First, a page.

Jim Iyke, Nollywood actor, says he backed down on his political ambition when he was asked to compromise on his values.
The 44-year-old film star spoke during a chat with BBC Igbo on why he went off the grid in the movie scene.
“I tried doing politics but what I was required to compromise was almost like selling your soul. I’m principled. I decided that there are different positions you can play on a field but the end result is to score goals,” he said.
“I decided to play my part, remaining a social critic, tell what needs to be told. It’s my advocacy. The day my people summon me to serve, then I come out. If there’s a jungle on earth, it’s Anambra politics. It’s a different game.
“Everyone wants to lead rather than be led. Everyone has money. At the end of the day, it’s the same circle. I’m not small-minded. I know that if I foray into politics, it’s either it consumes me or I get what I want.
“But I don’t want to be desperate or have a Godfather play me around like a puppet. I don’t want to stain myself.”
On his seeming hiatus from acting, Iyke said he diversified into businesses like estate development and logistics.
“I’m still in the game but not stationary. I’ve been here and there in the hustle. I consider myself a global citizen. My family now lives in the US, so I make the rounds between America and Nigeria. I have a travel agency,” he added.
“I diversified but acting is always been my first love, so I still take part in projects. You’ll always be known for what you’re known for, come what may. There’s this film we came together to make, which I funded, ‘Bad Comments‘.
“I worked with other producers and played the lead actor. We shot for two and half months. It’s a universal film by the standard. We produced it one year ago, put it on Times Square, New York. We were to release it before covid.
“We decided to wait. August 27, we’ll debut worldwide. It’s titled ‘Bad Comments’, based on social media. We timed it well. Everything we touched on is playing out as we speak, making it look as though we produced it last month.”
Jim Iyke: Secessionist calls in southeast due to systematic oppression of Igbos
Iyke, who expressed concern about the insecurity in the southeast, blamed the activities of the Indigenous People of Biafra (IPOB) and Nnamdi Kanu, the group’s leader, on what he described as the “systemic oppression” of Igbos.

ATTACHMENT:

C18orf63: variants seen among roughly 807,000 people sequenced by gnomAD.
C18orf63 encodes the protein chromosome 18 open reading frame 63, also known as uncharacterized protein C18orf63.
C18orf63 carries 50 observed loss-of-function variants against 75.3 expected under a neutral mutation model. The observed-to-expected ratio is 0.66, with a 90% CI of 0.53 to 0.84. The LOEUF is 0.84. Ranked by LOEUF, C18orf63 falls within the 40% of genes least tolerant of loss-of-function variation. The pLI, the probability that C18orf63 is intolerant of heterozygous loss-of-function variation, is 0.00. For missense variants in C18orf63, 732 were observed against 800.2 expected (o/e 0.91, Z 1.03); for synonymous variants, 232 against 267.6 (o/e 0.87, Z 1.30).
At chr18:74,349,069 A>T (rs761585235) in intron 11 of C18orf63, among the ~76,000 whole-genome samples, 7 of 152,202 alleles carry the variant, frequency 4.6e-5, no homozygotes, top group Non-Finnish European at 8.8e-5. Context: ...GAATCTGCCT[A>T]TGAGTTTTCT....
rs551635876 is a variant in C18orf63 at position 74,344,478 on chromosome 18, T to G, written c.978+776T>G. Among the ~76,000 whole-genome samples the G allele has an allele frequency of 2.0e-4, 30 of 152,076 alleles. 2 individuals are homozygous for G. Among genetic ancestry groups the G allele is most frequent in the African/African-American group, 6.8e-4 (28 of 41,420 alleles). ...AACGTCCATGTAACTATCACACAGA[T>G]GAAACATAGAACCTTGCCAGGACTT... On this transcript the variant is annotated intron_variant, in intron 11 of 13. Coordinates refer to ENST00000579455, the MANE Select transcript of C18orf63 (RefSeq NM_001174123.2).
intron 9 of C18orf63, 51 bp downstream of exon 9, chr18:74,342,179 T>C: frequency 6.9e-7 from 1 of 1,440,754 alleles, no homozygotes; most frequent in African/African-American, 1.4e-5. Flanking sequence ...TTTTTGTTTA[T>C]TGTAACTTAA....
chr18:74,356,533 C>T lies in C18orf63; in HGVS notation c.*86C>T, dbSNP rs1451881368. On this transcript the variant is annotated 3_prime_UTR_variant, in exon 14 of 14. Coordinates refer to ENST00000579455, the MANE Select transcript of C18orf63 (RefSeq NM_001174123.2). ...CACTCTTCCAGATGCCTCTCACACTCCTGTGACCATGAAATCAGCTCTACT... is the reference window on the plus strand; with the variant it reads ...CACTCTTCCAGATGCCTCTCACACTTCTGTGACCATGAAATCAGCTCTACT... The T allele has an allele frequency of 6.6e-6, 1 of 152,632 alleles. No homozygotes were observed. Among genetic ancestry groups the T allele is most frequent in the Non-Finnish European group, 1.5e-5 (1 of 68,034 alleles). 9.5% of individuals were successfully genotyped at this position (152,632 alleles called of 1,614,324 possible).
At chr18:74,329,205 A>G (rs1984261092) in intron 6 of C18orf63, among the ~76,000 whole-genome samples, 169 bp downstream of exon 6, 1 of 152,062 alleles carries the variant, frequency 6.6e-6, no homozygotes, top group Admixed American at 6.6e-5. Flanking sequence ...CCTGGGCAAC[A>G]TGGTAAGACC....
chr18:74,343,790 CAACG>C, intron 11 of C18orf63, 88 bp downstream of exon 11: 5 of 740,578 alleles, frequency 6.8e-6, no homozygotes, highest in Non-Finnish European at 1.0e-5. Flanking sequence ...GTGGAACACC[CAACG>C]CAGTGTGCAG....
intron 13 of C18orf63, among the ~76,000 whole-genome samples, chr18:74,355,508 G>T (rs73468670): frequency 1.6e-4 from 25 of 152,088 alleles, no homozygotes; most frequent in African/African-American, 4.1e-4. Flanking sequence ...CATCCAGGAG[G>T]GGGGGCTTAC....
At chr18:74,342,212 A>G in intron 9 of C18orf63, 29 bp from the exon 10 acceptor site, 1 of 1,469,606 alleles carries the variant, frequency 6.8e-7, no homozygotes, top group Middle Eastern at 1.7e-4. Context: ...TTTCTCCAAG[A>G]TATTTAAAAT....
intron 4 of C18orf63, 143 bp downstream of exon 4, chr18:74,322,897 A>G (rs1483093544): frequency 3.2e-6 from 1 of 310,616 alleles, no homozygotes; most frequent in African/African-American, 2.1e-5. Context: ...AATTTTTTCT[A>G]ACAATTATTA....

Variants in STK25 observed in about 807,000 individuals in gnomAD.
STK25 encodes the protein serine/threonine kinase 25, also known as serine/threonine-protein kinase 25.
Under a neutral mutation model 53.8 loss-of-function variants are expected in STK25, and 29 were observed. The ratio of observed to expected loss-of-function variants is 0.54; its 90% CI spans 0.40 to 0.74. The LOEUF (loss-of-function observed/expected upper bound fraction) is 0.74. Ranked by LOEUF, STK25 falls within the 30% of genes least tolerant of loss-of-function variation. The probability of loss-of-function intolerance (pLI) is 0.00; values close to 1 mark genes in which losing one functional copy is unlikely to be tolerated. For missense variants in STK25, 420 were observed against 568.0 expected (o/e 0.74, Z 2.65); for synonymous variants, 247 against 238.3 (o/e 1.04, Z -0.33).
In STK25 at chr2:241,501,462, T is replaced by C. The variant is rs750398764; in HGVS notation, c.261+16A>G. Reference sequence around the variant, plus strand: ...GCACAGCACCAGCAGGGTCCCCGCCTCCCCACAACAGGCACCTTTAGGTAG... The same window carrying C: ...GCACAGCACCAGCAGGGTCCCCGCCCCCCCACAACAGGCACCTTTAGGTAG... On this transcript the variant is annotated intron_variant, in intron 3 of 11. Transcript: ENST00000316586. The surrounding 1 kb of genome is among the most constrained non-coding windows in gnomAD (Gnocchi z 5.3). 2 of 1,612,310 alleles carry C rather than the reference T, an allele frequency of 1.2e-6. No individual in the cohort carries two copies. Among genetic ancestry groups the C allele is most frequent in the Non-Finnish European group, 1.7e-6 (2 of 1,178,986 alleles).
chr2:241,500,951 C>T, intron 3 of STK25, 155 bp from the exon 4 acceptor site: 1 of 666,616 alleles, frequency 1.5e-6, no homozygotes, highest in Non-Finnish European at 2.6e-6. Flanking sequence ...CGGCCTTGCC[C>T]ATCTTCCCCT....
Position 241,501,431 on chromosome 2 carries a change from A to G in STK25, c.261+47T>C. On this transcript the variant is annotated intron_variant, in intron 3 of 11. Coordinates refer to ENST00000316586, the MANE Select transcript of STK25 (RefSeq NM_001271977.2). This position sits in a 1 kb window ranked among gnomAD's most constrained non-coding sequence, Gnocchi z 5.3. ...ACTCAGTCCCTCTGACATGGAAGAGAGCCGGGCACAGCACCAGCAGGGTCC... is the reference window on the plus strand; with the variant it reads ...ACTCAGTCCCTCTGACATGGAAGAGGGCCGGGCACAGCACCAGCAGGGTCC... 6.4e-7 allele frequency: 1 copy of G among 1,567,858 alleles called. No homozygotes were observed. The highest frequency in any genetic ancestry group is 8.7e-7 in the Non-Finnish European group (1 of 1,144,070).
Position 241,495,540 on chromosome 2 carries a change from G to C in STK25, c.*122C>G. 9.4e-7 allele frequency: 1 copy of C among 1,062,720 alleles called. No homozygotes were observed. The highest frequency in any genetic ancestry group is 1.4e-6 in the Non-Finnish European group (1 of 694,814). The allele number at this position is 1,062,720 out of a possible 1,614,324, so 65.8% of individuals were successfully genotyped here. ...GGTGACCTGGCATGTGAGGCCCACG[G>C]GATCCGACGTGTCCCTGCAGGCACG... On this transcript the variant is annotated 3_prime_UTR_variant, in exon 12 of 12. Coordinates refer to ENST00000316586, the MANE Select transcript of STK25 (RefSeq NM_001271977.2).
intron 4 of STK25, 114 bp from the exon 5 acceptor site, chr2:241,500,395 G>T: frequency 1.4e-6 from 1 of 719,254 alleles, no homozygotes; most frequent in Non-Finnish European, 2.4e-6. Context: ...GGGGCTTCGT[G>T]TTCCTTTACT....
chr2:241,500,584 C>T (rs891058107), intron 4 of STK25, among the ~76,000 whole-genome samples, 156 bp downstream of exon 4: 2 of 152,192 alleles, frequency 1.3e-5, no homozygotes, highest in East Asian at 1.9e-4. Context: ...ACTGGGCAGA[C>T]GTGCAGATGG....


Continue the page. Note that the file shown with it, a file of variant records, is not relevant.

“Nigeria isn’t working for us. It’s supposed to be a ‘marriage’. If we’re married and I’m being oppressed or the union makes it such that I’m not developing or moving forward, I’m bound to want out. Nothing is permanent,” he said.
“We survive anywhere we go, thrive, and bring prosperity if you make it conducive for. No one has benefited from our existence as Igbo people the way Nigeria has. We have developed this country by our blood, sweat, and skills.
“Igbo people deserve a place in Nigeria like others. I’m rounded. I studied in the north, hustled in the west, and I’m from the east. I traveled the world and saw how things are done, lived across three countries. I’m half American.
“What we see now is a consequence of systematic oppression on a people. You rejected us. We said, ‘we don’t want violence. Give us our share and let’s leave.’ If you know the history of Biafra, you won’t seek violence.”
Pointing out that violence is never the way forward, Iyke added: “Igbos are the problem of Igbos. If we rise as one force, push to amend laws that are not in our interest, and give certain conditions, you will see the support we get.
“If they refuse, then we continue the conversation. It can’t happen overnight. Maybe our problem is that we want an overnight solution. Maybe we think that, if we start a revolution, it would be our children to reap from it.”
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